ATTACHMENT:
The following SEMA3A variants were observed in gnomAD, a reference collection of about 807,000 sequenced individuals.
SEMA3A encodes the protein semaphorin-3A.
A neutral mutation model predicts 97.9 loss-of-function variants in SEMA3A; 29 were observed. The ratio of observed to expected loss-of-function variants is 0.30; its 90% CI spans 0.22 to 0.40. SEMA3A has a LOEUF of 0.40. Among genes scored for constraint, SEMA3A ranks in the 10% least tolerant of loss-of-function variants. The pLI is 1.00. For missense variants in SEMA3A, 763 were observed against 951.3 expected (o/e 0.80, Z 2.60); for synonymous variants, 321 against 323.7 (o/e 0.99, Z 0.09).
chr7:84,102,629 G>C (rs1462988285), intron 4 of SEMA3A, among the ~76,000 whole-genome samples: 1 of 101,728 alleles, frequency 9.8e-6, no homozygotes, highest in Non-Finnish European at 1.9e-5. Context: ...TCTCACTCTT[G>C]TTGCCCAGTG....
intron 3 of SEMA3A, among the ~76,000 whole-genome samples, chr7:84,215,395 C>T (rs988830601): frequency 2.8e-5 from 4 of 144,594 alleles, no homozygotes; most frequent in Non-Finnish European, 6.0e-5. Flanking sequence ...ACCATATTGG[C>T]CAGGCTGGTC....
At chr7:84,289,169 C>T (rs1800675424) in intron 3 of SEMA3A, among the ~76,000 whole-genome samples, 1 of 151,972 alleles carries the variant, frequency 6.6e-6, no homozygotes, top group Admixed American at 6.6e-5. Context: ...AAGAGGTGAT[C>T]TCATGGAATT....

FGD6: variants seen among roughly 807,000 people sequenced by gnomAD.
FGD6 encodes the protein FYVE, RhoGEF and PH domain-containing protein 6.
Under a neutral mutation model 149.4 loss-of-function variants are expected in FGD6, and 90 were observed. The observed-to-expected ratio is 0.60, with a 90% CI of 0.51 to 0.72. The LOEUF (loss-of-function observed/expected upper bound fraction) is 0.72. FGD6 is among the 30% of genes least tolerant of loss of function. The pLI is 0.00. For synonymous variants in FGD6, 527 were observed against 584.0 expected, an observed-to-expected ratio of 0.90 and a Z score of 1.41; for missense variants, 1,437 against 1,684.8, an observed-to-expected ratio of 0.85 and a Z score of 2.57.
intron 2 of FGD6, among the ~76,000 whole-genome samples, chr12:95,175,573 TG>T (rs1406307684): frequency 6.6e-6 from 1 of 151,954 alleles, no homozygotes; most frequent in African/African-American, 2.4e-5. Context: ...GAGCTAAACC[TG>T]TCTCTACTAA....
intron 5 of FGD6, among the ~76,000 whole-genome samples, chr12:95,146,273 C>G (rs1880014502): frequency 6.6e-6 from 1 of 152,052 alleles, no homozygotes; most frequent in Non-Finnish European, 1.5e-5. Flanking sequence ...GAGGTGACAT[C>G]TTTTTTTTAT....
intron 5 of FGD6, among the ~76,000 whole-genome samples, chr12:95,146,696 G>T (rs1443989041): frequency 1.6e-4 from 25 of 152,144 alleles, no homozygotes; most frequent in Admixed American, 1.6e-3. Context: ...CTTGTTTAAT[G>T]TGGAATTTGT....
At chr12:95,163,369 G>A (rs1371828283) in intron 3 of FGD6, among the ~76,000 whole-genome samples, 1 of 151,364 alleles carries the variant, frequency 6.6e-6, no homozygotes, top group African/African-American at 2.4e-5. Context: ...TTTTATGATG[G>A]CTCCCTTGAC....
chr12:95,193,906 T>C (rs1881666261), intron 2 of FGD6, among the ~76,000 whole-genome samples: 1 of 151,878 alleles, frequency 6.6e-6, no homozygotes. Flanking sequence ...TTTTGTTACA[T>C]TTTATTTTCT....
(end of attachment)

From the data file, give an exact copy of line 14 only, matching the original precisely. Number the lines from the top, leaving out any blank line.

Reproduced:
chr12:95,193,906 T>C (rs1881666261), intron 2 of FGD6, among the ~76,000 whole-genome samples: 1 of 151,878 alleles, frequency 6.6e-6, no homozygotes. Flanking sequence ...TTTTGTTACA[T>C]TTTATTTTCT....